PracticeConsultingNew probe into £35m Wiggins controversy.

New probe into £35m Wiggins controversy.

Geoffrey Lansbury, Wiggins finance director since 1987, is also expected to face disciplinary investigation from his professional body, the Chartered Institute of Management Accountants.

Wiggins auditor HLB Kidsons and a non-executive director are facing investigation after the UK’s financial reporting regulator forced the company to cut its 2000 profits by £35m.

Chris Dickson, executive counsel of the Joint Disciplinary Scheme, will examine the role of Lance Blackstone, chartered accountant and chairman of the leisure to construction group’s audit committee, and that of the auditors from mid-tier firm Kidsons.

A spokeswoman for Kidsons said the firm was aware it might be subject to an investigation and it intended to fully comply with any probe once it had received official notice from the institute.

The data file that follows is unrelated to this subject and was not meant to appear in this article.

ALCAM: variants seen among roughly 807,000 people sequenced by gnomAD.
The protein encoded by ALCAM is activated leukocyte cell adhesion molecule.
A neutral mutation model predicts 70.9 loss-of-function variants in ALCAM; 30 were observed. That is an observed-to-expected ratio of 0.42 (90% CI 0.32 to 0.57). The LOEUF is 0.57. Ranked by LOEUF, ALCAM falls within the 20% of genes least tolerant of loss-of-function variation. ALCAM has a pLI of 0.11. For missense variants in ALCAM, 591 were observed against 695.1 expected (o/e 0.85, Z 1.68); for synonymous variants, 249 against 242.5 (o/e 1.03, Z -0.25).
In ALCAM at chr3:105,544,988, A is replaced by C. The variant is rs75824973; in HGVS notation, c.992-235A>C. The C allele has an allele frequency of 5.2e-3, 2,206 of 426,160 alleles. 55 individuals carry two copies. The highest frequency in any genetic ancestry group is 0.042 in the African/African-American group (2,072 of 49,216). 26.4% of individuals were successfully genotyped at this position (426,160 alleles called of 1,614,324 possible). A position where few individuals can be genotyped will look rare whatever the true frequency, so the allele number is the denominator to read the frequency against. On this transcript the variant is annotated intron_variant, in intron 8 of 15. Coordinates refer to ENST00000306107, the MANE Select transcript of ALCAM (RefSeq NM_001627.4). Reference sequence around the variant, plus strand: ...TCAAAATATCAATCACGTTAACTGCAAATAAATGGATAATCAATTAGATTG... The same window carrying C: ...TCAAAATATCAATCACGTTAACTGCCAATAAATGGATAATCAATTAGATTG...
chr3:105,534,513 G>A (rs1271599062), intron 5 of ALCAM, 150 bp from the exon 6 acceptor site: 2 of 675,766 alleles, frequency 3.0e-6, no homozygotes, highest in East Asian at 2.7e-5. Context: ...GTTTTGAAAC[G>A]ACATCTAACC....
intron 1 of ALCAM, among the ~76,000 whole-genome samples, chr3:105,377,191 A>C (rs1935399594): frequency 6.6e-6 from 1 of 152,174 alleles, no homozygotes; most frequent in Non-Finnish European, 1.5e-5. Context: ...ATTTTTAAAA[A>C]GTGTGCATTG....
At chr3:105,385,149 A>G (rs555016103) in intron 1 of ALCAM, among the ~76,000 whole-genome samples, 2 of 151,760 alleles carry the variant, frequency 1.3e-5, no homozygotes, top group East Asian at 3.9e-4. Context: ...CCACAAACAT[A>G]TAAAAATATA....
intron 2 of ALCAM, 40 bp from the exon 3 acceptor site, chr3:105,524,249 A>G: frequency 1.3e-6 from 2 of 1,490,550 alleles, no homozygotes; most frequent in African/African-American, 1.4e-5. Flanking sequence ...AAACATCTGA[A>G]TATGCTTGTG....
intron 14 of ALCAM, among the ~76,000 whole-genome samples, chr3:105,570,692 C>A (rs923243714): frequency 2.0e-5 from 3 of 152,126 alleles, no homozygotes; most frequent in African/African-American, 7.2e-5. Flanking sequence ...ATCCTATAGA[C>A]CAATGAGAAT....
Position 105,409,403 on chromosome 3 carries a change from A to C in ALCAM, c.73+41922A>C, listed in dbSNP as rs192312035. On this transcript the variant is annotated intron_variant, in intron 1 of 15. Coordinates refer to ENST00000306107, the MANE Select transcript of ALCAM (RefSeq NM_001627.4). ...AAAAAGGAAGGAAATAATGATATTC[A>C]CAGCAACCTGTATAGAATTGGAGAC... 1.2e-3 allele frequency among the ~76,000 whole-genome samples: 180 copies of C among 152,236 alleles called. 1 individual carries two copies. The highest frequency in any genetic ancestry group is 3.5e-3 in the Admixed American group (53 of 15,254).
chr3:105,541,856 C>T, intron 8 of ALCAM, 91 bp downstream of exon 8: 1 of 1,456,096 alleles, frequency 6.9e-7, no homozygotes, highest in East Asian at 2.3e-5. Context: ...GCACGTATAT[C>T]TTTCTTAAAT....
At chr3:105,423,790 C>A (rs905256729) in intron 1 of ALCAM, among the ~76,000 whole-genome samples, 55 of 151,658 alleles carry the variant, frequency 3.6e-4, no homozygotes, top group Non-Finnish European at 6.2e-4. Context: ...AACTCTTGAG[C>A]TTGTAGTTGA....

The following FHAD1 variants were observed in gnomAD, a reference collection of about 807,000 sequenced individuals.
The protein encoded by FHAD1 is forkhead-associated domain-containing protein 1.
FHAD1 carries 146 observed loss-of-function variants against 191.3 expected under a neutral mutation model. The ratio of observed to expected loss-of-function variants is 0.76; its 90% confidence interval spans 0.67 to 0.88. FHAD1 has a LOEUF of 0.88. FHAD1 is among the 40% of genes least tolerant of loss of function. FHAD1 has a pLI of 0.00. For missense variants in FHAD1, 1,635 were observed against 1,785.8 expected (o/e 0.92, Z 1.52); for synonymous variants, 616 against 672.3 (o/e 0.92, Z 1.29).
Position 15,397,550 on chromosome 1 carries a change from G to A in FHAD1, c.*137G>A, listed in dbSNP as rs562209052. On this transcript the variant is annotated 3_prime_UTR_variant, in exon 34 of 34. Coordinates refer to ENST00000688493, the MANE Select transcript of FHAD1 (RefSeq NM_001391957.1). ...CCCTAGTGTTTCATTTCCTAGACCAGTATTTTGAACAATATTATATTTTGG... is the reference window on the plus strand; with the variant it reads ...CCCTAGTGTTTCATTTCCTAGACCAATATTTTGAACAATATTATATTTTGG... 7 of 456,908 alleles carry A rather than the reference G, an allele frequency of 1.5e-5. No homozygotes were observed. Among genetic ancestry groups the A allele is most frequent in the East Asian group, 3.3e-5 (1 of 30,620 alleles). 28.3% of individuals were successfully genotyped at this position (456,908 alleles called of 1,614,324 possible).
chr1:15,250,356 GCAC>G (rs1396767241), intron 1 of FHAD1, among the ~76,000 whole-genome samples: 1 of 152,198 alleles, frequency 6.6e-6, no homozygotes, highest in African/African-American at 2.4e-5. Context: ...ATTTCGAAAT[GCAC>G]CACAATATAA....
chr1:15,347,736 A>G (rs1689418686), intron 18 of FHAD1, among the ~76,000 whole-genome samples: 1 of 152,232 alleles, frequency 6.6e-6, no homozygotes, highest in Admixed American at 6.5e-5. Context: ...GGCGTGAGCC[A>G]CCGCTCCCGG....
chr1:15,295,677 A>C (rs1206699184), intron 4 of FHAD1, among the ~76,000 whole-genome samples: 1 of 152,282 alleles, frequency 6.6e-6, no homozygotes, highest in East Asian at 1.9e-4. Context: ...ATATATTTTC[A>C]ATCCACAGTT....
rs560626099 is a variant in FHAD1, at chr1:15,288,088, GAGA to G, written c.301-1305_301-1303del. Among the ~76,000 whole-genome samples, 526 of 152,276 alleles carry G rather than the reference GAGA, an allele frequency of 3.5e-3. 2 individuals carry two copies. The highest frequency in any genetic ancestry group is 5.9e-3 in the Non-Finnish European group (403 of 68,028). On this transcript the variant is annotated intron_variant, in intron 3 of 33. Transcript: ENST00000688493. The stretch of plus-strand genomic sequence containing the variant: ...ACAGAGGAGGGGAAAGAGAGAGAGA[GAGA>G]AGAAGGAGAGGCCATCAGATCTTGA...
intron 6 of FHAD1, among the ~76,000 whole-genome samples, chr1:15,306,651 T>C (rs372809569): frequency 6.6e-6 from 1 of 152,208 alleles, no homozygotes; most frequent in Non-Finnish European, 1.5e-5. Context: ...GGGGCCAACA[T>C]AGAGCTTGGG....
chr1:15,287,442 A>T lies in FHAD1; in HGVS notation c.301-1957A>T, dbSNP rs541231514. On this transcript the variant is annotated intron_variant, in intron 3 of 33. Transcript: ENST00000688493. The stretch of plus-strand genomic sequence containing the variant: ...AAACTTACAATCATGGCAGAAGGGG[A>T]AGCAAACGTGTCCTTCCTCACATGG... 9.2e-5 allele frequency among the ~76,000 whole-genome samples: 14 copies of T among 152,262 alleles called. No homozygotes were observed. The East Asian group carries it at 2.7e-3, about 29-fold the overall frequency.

ACCA-qualified Leslie Inwood, company secretary for the leisure and construction group, could also appear before an internal disciplinary board at his institute.

An ACCA spokesman said: ‘We are aware of the concerns surrounding the Wiggins Group but beyond that we cannot make any specific comments.’

The ICAEW referred the case to the Joint Disciplinary Scheme following a review of the Financial Reporting Review Panel’s findings published in March.

Wiggins was forced to restate its accounts by millions of pounds for the last five years, turning each to a loss. Its £25.1m profits for the year to 31 March 2000 became a £9.9m loss. Profits going back to 1995 also turned to losses, after a dispute over revenue recognition and development costs.

Speaking at the time of the reissue, Richard Sykes QC, chairman of the FRRP, said investors should be able to rely on Wiggins’ published accounts, but could not because of accounting errors.

COUNTING THE COST OF NEGLIGENCE

The Joint Disciplinary Scheme has faced a rapidly growing workload over the past 18 months due to the number of negligence cases against accountancy firms. In the last seven years the JDS has received fines from UK firms totalling almost £5m.

See: Past haunts Big Five, page 28.

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